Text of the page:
This unsettling, surreal graphic novel follows a group of teenagers in the 1970s who contract a mysterious sexually transmitted disease that causes bizarre physical mutations. Burns’ haunting, atmospheric writing and starkly beautiful black-and-white artwork create a disturbing, metaphorical exploration of adolescence, alienation, and the fear of the unknown. Aspiring writers can learn from Burns’ ability to use genre elements to explore deeper themes and create a memorable, unsettling narrative.

Learn more about “Black Hole” here.

“This One Summer” by Mariko Tamaki and Jillian Tamaki

This coming-of-age graphic novel follows two preteen girls, Rose and Windy, as they navigate the complexities of growing up and confront the adult world during a summer at a beach town. Mariko Tamaki’s subtle, nuanced writing and Jillian Tamaki’s evocative, impressionistic artwork create a poignant, emotionally honest story that captures the bittersweet nature of adolescence. Aspiring writers can learn from the Tamakis’ ability to create authentic, relatable characters and explore the delicate balance between childhood innocence and adult reality.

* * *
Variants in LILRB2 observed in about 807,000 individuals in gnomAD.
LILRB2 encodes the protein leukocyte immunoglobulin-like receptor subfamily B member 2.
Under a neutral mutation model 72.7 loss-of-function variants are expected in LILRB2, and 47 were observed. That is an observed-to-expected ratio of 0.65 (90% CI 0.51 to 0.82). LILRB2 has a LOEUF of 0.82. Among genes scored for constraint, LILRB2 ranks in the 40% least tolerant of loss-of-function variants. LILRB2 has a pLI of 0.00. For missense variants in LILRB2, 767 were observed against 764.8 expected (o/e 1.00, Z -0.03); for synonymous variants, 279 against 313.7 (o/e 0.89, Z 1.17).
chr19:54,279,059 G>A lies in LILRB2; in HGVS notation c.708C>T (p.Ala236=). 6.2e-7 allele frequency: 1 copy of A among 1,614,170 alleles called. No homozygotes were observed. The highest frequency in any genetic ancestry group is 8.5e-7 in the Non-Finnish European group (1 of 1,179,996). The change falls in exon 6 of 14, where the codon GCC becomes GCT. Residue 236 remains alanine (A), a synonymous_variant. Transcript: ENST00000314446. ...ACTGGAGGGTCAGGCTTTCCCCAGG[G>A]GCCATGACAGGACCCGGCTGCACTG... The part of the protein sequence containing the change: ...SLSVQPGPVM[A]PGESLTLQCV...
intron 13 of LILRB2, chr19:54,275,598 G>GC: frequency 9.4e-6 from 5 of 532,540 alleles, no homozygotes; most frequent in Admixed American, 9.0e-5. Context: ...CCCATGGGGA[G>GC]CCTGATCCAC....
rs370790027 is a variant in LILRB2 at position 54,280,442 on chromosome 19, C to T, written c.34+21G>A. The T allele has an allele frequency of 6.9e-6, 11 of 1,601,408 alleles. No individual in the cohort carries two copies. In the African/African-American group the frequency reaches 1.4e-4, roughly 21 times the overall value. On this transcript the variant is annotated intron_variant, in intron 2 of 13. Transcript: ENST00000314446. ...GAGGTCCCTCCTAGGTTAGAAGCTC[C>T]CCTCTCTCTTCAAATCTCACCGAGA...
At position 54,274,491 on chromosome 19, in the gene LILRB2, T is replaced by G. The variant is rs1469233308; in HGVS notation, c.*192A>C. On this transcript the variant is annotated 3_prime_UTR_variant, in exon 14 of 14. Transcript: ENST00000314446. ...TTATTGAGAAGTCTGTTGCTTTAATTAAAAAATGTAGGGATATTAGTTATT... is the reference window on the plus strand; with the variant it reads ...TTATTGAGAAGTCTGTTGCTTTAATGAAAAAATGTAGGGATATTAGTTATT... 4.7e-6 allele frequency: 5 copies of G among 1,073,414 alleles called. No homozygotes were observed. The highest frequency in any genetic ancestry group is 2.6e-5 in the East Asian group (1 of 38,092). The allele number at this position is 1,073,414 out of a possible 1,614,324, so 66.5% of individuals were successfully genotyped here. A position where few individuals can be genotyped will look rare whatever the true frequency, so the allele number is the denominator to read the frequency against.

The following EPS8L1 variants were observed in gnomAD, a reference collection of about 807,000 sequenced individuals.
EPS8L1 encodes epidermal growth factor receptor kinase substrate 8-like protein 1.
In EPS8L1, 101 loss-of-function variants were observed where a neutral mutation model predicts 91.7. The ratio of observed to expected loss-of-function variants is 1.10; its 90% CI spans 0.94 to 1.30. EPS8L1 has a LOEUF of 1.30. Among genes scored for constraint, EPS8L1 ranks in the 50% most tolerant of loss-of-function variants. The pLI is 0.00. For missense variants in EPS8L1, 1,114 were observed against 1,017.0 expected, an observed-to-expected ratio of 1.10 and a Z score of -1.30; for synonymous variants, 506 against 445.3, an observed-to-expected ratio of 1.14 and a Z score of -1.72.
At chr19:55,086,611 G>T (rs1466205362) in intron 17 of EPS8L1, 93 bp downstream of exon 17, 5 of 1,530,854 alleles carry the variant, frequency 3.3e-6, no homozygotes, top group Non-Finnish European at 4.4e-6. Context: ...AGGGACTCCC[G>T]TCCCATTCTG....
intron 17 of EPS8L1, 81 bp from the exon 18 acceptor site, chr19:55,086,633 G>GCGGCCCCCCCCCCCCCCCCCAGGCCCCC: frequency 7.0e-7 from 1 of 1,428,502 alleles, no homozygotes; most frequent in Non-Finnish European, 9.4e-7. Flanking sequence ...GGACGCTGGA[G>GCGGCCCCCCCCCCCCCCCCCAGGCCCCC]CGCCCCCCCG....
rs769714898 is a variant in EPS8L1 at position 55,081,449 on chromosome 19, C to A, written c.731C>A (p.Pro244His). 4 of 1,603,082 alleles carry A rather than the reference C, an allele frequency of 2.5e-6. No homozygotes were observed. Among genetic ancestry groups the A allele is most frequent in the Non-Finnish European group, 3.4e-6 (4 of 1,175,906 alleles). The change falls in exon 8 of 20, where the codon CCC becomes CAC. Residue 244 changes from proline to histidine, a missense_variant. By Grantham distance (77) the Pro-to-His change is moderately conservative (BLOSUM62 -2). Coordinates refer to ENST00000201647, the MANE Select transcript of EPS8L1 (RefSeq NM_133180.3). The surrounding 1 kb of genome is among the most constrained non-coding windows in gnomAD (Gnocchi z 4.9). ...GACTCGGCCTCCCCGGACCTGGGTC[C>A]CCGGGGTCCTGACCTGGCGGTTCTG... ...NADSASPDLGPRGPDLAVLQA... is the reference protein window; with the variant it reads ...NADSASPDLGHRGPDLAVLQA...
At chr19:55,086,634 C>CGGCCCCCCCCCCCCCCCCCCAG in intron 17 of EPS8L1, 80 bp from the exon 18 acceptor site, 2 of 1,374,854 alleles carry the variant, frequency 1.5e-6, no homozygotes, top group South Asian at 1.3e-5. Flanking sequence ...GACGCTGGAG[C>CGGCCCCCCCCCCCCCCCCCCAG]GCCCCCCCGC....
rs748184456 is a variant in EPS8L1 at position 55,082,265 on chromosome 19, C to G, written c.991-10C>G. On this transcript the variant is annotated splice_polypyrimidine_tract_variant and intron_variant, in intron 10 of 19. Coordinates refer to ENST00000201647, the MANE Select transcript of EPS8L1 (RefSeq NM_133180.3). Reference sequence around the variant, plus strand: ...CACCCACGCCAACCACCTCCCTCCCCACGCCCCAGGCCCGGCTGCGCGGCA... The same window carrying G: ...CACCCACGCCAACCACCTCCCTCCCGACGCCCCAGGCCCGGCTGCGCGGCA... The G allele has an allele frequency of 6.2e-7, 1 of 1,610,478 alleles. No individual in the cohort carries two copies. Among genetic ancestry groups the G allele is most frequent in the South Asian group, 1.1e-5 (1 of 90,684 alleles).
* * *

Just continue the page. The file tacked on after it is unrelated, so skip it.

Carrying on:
Learn more about “This One Summer” here.

Final Thoughts

By studying these 10 must-read independent comic books, aspiring comic book writers can gain valuable insights into the art of crafting unique, thought-provoking narratives that push the boundaries of the medium. From tackling complex subjects and exploring universal themes to creating authentic, multi-dimensional characters and using innovative storytelling techniques, these works offer a wealth of knowledge for aspiring creators. Dive into the diverse world of independent comics, analyze the techniques used by these talented storytellers, and apply what you learn to your own comic book writing journey.

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Frank Gogol is a San Francisco-based comic book writer. He is the writer of Dead End Kids (2019), GRIEF (2018), No Heroine (2020), Dead End Kids: The Suburban Job (2021), and Unborn (2021) as well as his work on the Power Rangers franchise.

Gogol’s first book, GRIEF, was nominated for the Ringo Award for Best Anthology in 2019. Gogol and his second book, Dead End Kids, were named Best Writer and Best New Series of 2019, respectively, by the Independent Creator Awards.